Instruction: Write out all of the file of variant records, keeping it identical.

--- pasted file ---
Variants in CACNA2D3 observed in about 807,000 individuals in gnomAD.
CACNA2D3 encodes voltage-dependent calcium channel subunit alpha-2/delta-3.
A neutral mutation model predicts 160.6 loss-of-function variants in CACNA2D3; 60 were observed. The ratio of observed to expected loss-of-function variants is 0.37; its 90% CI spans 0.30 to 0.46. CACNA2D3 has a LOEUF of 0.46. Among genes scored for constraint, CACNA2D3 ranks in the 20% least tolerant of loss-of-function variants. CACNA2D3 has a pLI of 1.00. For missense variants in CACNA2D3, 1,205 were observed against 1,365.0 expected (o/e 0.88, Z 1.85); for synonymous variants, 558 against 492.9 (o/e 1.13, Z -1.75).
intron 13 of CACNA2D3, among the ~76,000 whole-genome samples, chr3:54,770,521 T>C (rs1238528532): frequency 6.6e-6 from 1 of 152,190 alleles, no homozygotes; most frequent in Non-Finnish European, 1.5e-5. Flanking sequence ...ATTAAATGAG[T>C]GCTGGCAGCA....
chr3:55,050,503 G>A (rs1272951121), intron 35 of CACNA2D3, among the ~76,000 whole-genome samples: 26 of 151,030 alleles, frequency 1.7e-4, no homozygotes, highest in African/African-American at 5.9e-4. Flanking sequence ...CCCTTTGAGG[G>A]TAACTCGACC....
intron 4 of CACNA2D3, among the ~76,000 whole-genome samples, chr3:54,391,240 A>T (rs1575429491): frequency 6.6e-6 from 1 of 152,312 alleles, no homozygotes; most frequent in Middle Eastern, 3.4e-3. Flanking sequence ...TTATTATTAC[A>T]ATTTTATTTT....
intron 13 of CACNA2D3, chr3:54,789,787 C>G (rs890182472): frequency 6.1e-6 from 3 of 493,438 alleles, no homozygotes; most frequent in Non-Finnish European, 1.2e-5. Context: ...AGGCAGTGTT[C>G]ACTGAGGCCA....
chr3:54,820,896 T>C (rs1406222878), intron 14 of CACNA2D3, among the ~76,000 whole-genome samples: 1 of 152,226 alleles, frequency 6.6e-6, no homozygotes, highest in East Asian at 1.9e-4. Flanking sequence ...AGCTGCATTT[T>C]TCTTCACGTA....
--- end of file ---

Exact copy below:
Variants in CACNA2D3 observed in about 807,000 individuals in gnomAD.
CACNA2D3 encodes voltage-dependent calcium channel subunit alpha-2/delta-3.
A neutral mutation model predicts 160.6 loss-of-function variants in CACNA2D3; 60 were observed. The ratio of observed to expected loss-of-function variants is 0.37; its 90% CI spans 0.30 to 0.46. CACNA2D3 has a LOEUF of 0.46. Among genes scored for constraint, CACNA2D3 ranks in the 20% least tolerant of loss-of-function variants. CACNA2D3 has a pLI of 1.00. For missense variants in CACNA2D3, 1,205 were observed against 1,365.0 expected (o/e 0.88, Z 1.85); for synonymous variants, 558 against 492.9 (o/e 1.13, Z -1.75).
intron 13 of CACNA2D3, among the ~76,000 whole-genome samples, chr3:54,770,521 T>C (rs1238528532): frequency 6.6e-6 from 1 of 152,190 alleles, no homozygotes; most frequent in Non-Finnish European, 1.5e-5. Flanking sequence ...ATTAAATGAG[T>C]GCTGGCAGCA....
chr3:55,050,503 G>A (rs1272951121), intron 35 of CACNA2D3, among the ~76,000 whole-genome samples: 26 of 151,030 alleles, frequency 1.7e-4, no homozygotes, highest in African/African-American at 5.9e-4. Flanking sequence ...CCCTTTGAGG[G>A]TAACTCGACC....
intron 4 of CACNA2D3, among the ~76,000 whole-genome samples, chr3:54,391,240 A>T (rs1575429491): frequency 6.6e-6 from 1 of 152,312 alleles, no homozygotes; most frequent in Middle Eastern, 3.4e-3. Flanking sequence ...TTATTATTAC[A>T]ATTTTATTTT....
intron 13 of CACNA2D3, chr3:54,789,787 C>G (rs890182472): frequency 6.1e-6 from 3 of 493,438 alleles, no homozygotes; most frequent in Non-Finnish European, 1.2e-5. Context: ...AGGCAGTGTT[C>G]ACTGAGGCCA....
chr3:54,820,896 T>C (rs1406222878), intron 14 of CACNA2D3, among the ~76,000 whole-genome samples: 1 of 152,226 alleles, frequency 6.6e-6, no homozygotes, highest in East Asian at 1.9e-4. Flanking sequence ...AGCTGCATTT[T>C]TCTTCACGTA....